There are 20 teeth in the first (or milk) set which will appear by the time your child is 2 1/2 years old—ten in the upper jaw, ten in the lower, comprising 8 incisors, 4 canines (or cuspids) and eight molars. They usually come through in a particular order and the lower teeth tend to break through before the corresponding uppper teeth.
The first tooth to appear is usually a lower central incisor at between 5 to 7 months, although in some babies it erupts at 3 months and in others not until a year. Next come the upper central incisors (6-9 months), the lower central incisors (7-10 months), the four first molars (12 to 14 months), the canines (16 to 18 months) and the second molars (20-30 months). At the end of her first year, your baby could have 6 to 8 teeth.
Let us Hope
There are 32 teeth in the second or permanent set which, during the first six years, lie in the jaws beneath the gums waiting to erupt. Remember? The first to come through are the “six-year-old molars” or first molars which appear between 6 to 7 years and are sometimes mistaken for milk teeth. They sprout next to the second molars of the first set, so no teeth are disturbed. These are very important teeth and are called by “Keystones of the Dental Arch” which means that the shape of your child’s mouth depends to a large extent on them.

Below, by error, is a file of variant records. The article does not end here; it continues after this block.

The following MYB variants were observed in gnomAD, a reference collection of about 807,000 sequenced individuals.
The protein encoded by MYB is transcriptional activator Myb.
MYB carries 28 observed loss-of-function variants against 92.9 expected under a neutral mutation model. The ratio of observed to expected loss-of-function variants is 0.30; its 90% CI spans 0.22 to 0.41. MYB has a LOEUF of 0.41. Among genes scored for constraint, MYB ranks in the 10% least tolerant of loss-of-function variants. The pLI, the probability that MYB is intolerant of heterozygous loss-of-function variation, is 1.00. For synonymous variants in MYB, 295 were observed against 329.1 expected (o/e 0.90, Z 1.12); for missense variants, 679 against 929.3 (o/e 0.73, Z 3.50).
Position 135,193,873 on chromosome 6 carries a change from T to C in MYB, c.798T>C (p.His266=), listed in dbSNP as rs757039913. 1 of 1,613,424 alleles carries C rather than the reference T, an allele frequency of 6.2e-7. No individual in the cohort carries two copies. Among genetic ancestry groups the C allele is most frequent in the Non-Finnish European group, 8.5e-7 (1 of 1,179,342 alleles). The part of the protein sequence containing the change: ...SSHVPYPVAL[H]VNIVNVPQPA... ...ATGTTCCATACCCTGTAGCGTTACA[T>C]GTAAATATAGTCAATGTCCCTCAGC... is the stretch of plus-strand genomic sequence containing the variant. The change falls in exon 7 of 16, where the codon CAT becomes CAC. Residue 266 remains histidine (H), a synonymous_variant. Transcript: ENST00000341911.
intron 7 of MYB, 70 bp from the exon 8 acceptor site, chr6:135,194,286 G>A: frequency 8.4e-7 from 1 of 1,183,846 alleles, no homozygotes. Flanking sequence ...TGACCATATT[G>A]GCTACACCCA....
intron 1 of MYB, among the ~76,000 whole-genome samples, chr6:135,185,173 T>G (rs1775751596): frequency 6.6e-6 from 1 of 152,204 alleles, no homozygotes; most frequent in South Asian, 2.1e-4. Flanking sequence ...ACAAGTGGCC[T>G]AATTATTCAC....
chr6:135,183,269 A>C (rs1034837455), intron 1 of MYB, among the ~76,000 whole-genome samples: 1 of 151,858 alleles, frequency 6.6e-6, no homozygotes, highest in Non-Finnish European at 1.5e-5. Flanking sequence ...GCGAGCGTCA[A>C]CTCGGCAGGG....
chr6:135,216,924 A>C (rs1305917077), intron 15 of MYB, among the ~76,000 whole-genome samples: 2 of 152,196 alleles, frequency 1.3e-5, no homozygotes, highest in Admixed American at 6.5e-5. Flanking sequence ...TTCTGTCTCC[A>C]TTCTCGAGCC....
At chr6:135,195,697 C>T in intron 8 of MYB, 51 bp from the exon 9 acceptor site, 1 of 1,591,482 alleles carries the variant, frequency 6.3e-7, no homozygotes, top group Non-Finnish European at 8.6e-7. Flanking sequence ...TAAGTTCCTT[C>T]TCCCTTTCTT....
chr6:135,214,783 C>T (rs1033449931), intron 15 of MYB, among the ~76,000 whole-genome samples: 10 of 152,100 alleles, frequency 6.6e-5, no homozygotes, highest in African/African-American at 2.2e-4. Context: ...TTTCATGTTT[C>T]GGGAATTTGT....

Decay in the baby tooth can affect the permanent tooth which has been waiting to emerge. It can also cause infection of the jaw and sometimes so much pain that it has to be pulled out, leaving a gap that may allow nearby teeth to grow out of position so that the permanent tooth will be crowded out when it is ready to come through. Remember baby teeth are around till your child is about 12, hence they need care.
The six-year-old molars are followed closely by new central incisors. Your child loses first teeth in the same order that they will be replaced by the permanent set. The permanent teeth push up from underneath, destroy the roots of the baby teeth which get loose and fall out or can be pulled out easily.
Sometimes the permanent teeth come behind the baby teeth and later move forward; often, they have jagged edges which smoothen out in time.